News & Press

February 4, 2016

A Living Legacy

TreesCharlotte establishes an endowment fund to plant and care
for trees for decades to come

 

An old Chinese proverb says that the best time to plant a tree is 20 years ago. The second best time is now.

In the same sense, the time to plan for the future of TreesCharlotte is now. The needs of our urban forest for replenishment and stewardship are permanent. As more trees are planted, it’s crucial that they continue to be cared for in generations to come.

“Charlotte’s tree canopy is iconic and for all time.  The permanence of the urban forest calls for a permanent steward for continuous tree replenishment and tree care,” says Dave Cable, executive director of TreesCharlotte.

Endowment Fund

TreesCharlotte has established the TreesCharlotte Endowment Fund to provide support for the operations needed for tree planting and care of our urban forest in perpetuity. The fund goal is $10+ million.

The John S. and James L. Knight Foundation has made a $2 million leadership commitment that provides TreesCharlotte with an exciting opportunity: $1 million of the $2 million is a 1:1 challenge grant that will match every donation of the first million dollars raised. This endowment allows for other future donations and sponsorships to more effectively accomplish the mission of TreesCharlotte.

Ultimately, once the endowment is fully funded, TreesCharlotte would be able to cover the annual expense of planting trees through the interest earned rather than raising operating funds year after year.

The Future of Charlotte’s Trees

“Look out your window and think what would Charlotte be like with fewer or no trees,” says Rolfe Neill, TreesCharlotte board member and co-chair of the Endowment Campaign along with Thrus Morton.

“Unless we do something, we’ll have fewer trees. We need to take a Charlotte treasure and not only maintain it, but enhance it for the benefit of all.”

As Charlotte’s population continues to grow – and become denser – the pressure on the environment is increasing. “For livability, it’s important that we plan for trees,” says Rolfe. “Trees are dying – being cut down due to commercial development, billboards and some necessary reasons, but also other careless reasons. The death of trees goes on daily, so that’s why we need to plant a half-million trees, and we will.”

TreesCharlotte continues to plant thousands of trees of every variety each year, and if they’re properly cared for, the hope is that they will outlive us.

Educating Charlotte residents and youth about the importance of trees and proper tree care is an essential piece of TreesCharlotte’s mission. “Our job is to plant trees and maintain them, but also to educate our citizens so they will appreciate the value and become champions themselves,” says Rolfe.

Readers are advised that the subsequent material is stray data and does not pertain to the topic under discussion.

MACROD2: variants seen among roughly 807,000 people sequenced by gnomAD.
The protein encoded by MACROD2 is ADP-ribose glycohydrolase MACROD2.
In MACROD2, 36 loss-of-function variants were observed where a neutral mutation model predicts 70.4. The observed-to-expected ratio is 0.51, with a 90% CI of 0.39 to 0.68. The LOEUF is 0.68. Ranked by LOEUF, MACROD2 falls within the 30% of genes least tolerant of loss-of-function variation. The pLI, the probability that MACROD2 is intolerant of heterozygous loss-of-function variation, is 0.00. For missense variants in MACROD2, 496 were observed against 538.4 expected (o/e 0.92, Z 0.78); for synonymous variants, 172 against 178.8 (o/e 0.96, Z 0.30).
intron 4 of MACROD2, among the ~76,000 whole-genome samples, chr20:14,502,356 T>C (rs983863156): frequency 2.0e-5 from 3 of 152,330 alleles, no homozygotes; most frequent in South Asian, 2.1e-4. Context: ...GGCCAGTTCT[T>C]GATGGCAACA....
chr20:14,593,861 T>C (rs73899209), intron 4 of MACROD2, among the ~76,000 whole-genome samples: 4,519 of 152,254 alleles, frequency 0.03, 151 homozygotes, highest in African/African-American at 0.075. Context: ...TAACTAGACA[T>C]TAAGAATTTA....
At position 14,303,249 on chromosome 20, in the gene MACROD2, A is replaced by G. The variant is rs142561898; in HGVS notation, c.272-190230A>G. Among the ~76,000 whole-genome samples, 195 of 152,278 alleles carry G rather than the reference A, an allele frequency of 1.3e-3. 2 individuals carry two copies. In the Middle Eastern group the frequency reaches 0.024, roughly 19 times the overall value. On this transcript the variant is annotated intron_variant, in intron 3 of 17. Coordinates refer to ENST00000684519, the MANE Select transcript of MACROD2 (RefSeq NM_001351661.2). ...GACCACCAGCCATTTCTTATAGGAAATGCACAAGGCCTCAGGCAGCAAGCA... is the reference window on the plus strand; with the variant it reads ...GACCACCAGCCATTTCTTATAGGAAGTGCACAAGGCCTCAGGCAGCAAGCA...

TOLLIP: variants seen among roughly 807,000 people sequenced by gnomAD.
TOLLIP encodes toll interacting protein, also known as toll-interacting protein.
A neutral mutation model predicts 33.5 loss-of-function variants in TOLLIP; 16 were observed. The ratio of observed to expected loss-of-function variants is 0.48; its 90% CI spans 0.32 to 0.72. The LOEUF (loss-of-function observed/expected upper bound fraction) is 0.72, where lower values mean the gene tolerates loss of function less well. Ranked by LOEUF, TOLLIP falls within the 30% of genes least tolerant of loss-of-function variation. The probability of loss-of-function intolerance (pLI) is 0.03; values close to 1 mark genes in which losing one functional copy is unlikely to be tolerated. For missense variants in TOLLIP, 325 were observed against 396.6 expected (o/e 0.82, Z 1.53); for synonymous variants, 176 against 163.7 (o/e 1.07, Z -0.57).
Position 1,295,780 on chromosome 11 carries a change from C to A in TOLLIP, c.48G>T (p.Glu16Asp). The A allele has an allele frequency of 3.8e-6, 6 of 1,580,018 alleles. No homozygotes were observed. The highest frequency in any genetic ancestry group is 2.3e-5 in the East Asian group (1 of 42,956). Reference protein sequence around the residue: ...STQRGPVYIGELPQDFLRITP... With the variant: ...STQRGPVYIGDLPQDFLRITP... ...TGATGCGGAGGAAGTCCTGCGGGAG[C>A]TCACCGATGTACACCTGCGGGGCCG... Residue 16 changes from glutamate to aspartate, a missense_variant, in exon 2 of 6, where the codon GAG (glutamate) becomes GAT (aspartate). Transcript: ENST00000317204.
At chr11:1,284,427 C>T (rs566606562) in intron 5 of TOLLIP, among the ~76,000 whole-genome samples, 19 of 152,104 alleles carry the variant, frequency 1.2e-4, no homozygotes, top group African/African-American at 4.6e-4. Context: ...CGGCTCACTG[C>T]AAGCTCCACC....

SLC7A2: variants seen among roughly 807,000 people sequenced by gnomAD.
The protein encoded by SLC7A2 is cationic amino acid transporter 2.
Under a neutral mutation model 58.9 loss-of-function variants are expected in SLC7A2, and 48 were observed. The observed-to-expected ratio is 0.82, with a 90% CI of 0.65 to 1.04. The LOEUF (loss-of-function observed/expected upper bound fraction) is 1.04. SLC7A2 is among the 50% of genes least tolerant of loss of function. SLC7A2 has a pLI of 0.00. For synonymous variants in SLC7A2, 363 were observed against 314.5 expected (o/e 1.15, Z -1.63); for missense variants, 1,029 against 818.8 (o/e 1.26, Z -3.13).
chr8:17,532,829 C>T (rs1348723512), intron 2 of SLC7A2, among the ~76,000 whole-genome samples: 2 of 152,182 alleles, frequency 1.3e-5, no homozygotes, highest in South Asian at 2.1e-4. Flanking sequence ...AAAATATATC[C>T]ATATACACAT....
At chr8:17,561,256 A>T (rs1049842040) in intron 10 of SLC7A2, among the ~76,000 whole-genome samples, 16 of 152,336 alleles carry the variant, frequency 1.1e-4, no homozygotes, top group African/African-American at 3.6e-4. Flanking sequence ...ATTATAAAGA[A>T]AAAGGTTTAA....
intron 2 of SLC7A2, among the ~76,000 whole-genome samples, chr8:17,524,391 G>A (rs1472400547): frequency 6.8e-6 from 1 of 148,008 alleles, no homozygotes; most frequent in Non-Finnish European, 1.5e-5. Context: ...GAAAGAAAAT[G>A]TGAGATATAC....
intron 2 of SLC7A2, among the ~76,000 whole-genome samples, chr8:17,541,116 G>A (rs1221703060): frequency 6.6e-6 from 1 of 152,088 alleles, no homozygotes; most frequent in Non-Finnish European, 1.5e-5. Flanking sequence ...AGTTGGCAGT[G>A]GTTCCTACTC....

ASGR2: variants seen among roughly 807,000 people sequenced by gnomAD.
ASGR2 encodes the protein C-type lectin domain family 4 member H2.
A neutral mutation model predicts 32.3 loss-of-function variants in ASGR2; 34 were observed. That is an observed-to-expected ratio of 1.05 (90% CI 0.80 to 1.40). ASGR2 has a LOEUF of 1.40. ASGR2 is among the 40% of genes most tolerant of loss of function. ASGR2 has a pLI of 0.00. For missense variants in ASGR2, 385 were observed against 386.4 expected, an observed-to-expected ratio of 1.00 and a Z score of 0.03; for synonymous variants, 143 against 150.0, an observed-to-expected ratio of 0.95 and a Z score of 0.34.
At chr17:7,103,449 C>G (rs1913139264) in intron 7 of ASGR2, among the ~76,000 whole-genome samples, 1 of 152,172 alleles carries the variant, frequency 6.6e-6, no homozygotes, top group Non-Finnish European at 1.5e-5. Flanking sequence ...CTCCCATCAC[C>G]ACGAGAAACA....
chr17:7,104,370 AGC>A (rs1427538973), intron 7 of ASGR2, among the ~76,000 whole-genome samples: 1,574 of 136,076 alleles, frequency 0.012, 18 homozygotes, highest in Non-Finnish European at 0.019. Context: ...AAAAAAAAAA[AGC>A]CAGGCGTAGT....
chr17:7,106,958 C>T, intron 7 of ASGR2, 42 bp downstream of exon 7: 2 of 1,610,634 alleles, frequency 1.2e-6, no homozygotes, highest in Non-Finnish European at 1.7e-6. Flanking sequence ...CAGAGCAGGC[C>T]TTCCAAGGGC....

Ways to Give

TreesCharlotte is a lean, efficient, highly effective collaborative, and the demand to plant trees is nearly endless. It simply boils down to having the proper amount of resources to buy trees and support volunteer planting and tree care efforts. The more you donate, the more trees TreesCharlotte is able to plant and care for.

We offer a variety of ways for you to contribute to the ongoing mission of TreesCharlotte and help us achieve our goal of 50% tree canopy by 2050. TreesCharlotte is a 501(c)3 non-profit organization, and all donations are tax-deductible.

You can donate money by using the envelope included in this newsletter or online at www.TreesCharlotte.org/support-us.

We also appreciate stock donations, which can be done online or by contacting Donor Relations at Foundation for the Carolinas, which oversees stock gifts, at 704-973-4529 or donorrelations@fftc.org Naming TreesCharlotte in your will or living trust is another way for your legacy to live on through Charlotte’s tree canopy.

Honorary Garden at Freedom Park

On ground made available by the Mecklenburg County, the Honorary Garden at Freedom Park will open this spring, celebrating Charlotte’s tree canopy and recognizing TreesCharlotte major donors. Adjacent to the bandshell on the hillside, the circular shaped seating area will feature a large, mature gingko tree as the centerpiece, which is known for its display of rich golden leaves in the fall. Pebbles fashioned in circles around the tree will be made to look like tree rings. The names of donors who have contributed $5,000 or more will be engraved on leaves that will be on large stone slabs surrounding the seating area. Stay tuned for the unveiling, which is slated for early May.

For more information about the TreesCharlotte Endowment Fund and to learn about different ways to contribute, visit www.TreesCharlotte.org/support-us